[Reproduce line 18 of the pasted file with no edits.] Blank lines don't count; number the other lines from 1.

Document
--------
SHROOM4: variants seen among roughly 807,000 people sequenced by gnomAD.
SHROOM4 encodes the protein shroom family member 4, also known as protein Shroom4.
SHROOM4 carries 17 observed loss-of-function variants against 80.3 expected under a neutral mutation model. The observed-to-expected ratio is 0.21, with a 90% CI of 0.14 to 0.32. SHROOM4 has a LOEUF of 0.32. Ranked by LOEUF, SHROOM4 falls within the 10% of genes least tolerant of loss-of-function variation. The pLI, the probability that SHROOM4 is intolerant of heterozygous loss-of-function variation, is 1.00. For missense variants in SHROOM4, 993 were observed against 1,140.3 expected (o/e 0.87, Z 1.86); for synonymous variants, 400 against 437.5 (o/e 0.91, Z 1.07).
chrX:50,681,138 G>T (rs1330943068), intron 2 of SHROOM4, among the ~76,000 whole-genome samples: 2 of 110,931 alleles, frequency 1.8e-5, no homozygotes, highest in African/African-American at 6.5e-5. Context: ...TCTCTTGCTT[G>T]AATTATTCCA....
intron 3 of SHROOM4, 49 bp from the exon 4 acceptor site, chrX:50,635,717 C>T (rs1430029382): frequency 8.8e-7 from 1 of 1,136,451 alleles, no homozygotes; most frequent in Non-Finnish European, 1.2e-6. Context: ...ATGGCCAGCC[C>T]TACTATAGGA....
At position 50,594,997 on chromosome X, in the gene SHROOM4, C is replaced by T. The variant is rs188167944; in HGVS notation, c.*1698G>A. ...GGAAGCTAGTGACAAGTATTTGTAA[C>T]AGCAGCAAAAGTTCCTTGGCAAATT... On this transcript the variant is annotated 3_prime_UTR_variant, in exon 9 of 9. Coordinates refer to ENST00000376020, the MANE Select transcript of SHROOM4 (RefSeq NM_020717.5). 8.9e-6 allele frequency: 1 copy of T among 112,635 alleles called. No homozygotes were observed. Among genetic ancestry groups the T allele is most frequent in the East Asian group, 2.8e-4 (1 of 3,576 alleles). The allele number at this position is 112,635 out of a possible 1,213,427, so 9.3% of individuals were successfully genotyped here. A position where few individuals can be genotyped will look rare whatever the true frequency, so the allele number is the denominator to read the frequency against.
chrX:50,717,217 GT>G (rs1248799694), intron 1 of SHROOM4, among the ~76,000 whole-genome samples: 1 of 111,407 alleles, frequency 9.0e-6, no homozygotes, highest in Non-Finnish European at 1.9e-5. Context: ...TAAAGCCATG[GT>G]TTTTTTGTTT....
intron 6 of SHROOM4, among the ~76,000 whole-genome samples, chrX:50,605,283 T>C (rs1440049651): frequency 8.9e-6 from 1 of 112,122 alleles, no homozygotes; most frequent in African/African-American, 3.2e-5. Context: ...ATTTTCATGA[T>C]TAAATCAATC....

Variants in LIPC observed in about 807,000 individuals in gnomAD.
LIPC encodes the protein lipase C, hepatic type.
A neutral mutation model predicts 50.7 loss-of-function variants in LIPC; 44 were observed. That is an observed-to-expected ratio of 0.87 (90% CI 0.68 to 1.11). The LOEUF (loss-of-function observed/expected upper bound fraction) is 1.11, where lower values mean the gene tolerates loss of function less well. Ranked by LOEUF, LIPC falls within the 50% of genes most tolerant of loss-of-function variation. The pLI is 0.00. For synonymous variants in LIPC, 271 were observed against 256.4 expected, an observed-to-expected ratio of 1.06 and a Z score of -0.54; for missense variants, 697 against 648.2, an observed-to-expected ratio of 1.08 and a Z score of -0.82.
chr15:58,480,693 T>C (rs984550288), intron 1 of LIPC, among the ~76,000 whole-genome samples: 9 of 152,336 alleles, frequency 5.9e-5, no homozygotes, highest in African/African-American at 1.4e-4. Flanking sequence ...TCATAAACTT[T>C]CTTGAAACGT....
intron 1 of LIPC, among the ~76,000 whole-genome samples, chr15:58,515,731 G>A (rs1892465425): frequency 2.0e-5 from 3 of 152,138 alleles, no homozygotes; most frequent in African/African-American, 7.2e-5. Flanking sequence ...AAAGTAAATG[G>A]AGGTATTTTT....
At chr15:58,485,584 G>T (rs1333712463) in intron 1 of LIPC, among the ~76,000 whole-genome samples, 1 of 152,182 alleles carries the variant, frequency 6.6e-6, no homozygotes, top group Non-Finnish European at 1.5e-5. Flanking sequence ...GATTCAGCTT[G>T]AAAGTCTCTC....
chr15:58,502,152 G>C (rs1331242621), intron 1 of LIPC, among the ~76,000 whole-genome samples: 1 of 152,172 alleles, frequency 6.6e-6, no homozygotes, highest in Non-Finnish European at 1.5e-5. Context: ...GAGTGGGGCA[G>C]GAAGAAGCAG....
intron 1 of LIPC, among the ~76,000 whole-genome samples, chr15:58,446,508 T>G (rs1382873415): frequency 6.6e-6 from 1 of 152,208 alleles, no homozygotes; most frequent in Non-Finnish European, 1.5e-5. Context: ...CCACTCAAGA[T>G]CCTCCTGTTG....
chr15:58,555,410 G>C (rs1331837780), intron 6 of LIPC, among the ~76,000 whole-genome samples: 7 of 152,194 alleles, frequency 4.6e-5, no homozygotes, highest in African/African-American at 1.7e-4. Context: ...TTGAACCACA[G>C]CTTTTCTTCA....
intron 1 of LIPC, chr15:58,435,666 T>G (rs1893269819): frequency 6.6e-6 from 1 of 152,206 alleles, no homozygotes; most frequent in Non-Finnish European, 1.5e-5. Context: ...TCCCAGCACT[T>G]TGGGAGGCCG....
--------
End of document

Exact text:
intron 1 of LIPC, chr15:58,435,666 T>G (rs1893269819): frequency 6.6e-6 from 1 of 152,206 alleles, no homozygotes; most frequent in Non-Finnish European, 1.5e-5. Context: ...TCCCAGCACT[T>G]TGGGAGGCCG....